Biopsy Core Number Represents One of Foremost Predictors of Clinically Significant Gleason Sum Upgrading in Patients With Low-risk Prostate Cancer

Umberto Capitanio, Pierre I. Karakiewicz, Luc Valiquette, Paul Perrotte, Claudio Jeldres, Alberto Briganti, Andrea Gallina, Nazareno Suardi, Andrea Cestari, Giorgio Guazzoni, Andrea Salonia, Francesco Montorsi

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Abstract

Objectives: To examine the effect the number of biopsy cores taken has on the rate of clinically significant Gleason sum upgrading (GSU) in patients with low-risk prostate cancer. Methods: We analyzed the data from 301 patients with low-risk prostate cancer (clinical Stage T1c-T2a, prostate-specific antigen ≤10 ng/mL, and biopsy Gleason sum ≤6) who underwent an extended (≥10-core) prostate biopsy. Prostate-specific antigen level, clinical stage, biopsy Gleason sum, prostate volume, year of diagnosis, number of biopsy cores taken, and number of positive cores were used as predictors in logistic regression models addressing the rate of clinically significant GSU (defined as upgrading from biopsy Gleason sum 5-6 to radical prostatectomy Gleason sum of ≥7). Regression coefficients were used to estimate the predictive accuracy of individual variables, as well as their combined effect in the prediction of GSU. Results: The median number of biopsy cores taken was 18. Upgrading was recorded in 96 (31.9%). In men assessed with 10-12 cores, the rate of GSU was 47.9% compared with 23.5% if >18 cores were taken (P <.001). In multivariate analyses, the consideration of the variable defining the number of cores added 9.0% (P <.001) to the ability to predict GSU. Conclusions: Patients with low-risk prostate cancer assessed with fewer biopsy cores are at a substantially greater risk of GSU. The number of biopsy cores taken represents one of the foremost predictors of GSU and should be taken into consideration during clinical decision-making in patients who are candidates for watchful waiting, active surveillance, or brachytherapy.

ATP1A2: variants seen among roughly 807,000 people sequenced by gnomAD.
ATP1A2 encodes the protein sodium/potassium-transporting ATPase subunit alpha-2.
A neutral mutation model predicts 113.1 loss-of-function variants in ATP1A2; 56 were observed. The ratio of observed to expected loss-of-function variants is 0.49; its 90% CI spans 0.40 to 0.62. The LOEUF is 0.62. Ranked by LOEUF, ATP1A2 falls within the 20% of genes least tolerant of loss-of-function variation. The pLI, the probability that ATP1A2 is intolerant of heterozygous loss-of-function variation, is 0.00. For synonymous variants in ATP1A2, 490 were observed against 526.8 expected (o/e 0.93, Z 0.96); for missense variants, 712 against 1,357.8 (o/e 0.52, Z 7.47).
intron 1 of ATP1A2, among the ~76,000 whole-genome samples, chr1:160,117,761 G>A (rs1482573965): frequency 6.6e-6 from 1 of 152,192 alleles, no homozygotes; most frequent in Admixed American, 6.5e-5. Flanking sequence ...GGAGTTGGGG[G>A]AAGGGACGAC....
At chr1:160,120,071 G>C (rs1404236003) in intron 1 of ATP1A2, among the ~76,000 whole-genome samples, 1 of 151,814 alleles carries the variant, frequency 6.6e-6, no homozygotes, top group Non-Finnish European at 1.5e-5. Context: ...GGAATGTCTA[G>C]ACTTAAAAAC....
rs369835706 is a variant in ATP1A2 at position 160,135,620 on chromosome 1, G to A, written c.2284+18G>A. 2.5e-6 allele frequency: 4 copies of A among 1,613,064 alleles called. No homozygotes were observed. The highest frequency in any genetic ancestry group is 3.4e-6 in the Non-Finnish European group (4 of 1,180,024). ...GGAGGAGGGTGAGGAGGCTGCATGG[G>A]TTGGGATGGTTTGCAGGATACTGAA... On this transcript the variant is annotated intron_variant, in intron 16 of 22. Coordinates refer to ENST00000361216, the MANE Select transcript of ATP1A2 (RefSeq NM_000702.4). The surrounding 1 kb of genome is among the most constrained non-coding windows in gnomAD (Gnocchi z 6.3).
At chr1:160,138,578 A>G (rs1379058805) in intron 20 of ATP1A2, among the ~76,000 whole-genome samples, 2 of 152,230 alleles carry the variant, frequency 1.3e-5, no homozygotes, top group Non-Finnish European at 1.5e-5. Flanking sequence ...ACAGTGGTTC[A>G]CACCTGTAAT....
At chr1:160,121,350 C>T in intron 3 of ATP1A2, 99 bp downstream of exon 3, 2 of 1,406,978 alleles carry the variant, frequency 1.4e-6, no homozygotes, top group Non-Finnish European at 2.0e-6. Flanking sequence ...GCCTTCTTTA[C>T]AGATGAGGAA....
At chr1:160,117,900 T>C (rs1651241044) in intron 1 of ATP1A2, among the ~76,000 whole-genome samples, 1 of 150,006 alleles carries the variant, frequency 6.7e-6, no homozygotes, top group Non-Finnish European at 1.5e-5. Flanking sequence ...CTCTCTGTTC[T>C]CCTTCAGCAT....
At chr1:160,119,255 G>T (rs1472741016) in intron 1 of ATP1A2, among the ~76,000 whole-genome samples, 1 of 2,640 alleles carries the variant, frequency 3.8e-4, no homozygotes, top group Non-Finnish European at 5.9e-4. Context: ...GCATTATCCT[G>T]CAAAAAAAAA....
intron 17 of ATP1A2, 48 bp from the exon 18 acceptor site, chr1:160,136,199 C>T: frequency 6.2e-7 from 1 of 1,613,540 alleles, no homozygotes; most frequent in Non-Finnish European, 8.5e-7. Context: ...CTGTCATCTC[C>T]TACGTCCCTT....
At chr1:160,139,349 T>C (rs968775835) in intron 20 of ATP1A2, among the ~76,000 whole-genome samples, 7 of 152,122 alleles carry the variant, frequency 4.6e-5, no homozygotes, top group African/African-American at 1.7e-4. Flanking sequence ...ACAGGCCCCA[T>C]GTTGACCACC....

Original languageEnglish
Pages (from-to)1087-1091
Number of pages5
JournalUrology
Volume73
Issue number5
DOIs
Publication statusPublished - May 2009

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Prostatic Neoplasms
Biopsy
Prostate-Specific Antigen
Prostate
Logistic Models
Watchful Waiting
Brachytherapy
Prostatectomy
Multivariate Analysis

ASJC Scopus subject areas

  • Urology

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Biopsy Core Number Represents One of Foremost Predictors of Clinically Significant Gleason Sum Upgrading in Patients With Low-risk Prostate Cancer. / Capitanio, Umberto; Karakiewicz, Pierre I.; Valiquette, Luc; Perrotte, Paul; Jeldres, Claudio; Briganti, Alberto; Gallina, Andrea; Suardi, Nazareno; Cestari, Andrea; Guazzoni, Giorgio; Salonia, Andrea; Montorsi, Francesco.

In: Urology, Vol. 73, No. 5, 05.2009, p. 1087-1091.

Research output: Contribution to journalArticle